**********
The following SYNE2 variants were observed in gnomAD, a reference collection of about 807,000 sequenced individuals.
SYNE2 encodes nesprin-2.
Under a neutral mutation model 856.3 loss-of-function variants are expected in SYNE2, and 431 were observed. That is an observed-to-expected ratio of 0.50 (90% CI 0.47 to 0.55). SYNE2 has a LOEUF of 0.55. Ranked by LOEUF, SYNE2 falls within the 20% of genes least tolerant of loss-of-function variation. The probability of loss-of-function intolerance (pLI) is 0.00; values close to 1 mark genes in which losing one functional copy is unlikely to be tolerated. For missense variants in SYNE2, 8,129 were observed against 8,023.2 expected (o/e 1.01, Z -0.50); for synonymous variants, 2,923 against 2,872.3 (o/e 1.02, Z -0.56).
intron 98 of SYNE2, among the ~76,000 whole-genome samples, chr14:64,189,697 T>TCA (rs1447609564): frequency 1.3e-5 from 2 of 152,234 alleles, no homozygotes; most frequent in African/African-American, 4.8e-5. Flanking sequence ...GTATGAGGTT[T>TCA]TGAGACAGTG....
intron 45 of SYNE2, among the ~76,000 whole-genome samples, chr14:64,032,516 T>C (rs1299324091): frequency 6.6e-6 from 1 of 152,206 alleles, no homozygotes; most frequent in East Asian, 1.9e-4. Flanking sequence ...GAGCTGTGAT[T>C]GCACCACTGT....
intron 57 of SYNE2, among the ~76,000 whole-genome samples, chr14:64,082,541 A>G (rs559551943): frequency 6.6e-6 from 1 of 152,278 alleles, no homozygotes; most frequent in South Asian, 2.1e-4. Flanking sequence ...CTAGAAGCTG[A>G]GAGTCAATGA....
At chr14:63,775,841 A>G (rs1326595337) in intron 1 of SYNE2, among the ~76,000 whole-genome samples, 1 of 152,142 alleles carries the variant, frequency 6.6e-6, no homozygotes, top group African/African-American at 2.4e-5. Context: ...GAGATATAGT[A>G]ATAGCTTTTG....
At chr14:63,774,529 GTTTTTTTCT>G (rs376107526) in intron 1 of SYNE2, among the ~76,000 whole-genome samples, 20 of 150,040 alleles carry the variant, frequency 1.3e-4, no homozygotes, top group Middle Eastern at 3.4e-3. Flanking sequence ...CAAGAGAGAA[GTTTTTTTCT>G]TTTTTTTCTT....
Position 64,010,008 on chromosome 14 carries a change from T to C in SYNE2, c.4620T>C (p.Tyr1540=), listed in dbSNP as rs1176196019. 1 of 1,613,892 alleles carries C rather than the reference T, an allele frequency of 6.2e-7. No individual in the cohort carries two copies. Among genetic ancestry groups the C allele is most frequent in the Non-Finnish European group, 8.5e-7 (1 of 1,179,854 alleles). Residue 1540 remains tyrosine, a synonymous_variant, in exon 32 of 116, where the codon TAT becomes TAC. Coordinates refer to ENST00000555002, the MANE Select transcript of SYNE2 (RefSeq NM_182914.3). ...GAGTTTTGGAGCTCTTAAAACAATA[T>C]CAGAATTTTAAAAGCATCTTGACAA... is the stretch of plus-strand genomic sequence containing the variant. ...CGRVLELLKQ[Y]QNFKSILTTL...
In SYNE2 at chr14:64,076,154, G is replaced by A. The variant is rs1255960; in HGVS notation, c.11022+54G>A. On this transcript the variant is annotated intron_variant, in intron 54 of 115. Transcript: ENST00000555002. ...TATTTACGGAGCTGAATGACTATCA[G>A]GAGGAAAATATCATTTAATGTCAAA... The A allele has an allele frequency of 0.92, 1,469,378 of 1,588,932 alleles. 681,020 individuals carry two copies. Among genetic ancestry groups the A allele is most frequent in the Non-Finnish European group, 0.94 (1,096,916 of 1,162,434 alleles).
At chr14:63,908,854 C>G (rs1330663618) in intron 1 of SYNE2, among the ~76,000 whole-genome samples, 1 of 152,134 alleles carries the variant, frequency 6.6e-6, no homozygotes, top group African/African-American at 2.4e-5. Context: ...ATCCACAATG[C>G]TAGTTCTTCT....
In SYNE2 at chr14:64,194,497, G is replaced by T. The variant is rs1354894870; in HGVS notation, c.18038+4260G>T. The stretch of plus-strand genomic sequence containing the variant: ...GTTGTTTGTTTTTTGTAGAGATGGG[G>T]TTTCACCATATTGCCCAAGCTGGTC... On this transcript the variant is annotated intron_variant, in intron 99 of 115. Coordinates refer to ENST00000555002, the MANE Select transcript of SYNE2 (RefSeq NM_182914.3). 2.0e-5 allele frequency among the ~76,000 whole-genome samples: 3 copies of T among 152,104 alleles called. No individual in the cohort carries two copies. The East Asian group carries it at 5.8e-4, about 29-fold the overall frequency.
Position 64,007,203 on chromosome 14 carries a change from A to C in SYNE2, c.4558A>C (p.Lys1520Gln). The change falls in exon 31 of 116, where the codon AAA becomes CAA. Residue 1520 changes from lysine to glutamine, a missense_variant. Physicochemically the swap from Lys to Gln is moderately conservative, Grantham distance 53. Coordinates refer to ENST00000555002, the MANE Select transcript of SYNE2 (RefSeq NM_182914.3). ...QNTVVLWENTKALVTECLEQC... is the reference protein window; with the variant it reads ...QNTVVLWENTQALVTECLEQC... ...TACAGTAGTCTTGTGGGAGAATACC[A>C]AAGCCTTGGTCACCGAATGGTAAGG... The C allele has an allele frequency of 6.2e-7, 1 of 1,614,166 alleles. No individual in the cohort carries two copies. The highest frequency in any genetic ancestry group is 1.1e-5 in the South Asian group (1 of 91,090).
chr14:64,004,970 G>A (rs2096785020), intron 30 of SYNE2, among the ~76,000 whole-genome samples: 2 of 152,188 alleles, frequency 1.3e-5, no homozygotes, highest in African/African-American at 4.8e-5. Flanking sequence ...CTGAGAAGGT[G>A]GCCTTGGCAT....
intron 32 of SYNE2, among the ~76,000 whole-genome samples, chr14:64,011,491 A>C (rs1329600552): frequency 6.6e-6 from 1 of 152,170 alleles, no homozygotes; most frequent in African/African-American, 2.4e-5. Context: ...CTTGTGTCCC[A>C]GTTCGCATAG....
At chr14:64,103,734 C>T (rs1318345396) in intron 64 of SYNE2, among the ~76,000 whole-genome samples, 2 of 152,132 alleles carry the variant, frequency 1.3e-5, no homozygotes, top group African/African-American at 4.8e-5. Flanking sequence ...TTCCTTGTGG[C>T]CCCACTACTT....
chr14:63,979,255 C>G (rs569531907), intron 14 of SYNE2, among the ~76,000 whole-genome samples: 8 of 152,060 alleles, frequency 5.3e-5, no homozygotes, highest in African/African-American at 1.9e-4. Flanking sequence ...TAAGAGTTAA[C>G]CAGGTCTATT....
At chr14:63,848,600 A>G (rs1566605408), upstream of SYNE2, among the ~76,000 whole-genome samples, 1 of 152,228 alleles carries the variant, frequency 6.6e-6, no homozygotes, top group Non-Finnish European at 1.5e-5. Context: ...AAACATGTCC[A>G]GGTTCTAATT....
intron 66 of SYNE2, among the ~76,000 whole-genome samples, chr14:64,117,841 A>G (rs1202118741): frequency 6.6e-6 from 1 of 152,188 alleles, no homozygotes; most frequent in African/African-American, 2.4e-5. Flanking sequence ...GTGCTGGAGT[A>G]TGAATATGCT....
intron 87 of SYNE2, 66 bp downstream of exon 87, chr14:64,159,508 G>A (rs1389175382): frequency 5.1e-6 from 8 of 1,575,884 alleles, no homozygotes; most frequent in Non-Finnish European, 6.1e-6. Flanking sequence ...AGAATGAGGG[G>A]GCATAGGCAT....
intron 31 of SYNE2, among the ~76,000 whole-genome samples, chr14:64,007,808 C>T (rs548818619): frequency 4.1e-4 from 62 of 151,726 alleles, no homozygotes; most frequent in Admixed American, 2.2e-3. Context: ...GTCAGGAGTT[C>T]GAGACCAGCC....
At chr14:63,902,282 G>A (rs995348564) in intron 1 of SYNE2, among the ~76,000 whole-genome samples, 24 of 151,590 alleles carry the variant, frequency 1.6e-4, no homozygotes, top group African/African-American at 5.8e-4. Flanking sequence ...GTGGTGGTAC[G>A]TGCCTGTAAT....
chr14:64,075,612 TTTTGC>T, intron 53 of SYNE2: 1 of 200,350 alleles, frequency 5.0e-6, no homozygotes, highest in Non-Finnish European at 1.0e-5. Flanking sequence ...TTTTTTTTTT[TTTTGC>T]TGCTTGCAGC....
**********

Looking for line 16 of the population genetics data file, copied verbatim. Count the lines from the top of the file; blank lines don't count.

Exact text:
At chr14:64,103,734 C>T (rs1318345396) in intron 64 of SYNE2, among the ~76,000 whole-genome samples, 2 of 152,132 alleles carry the variant, frequency 1.3e-5, no homozygotes, top group African/African-American at 4.8e-5. Flanking sequence ...TTCCTTGTGG[C>T]CCCACTACTT....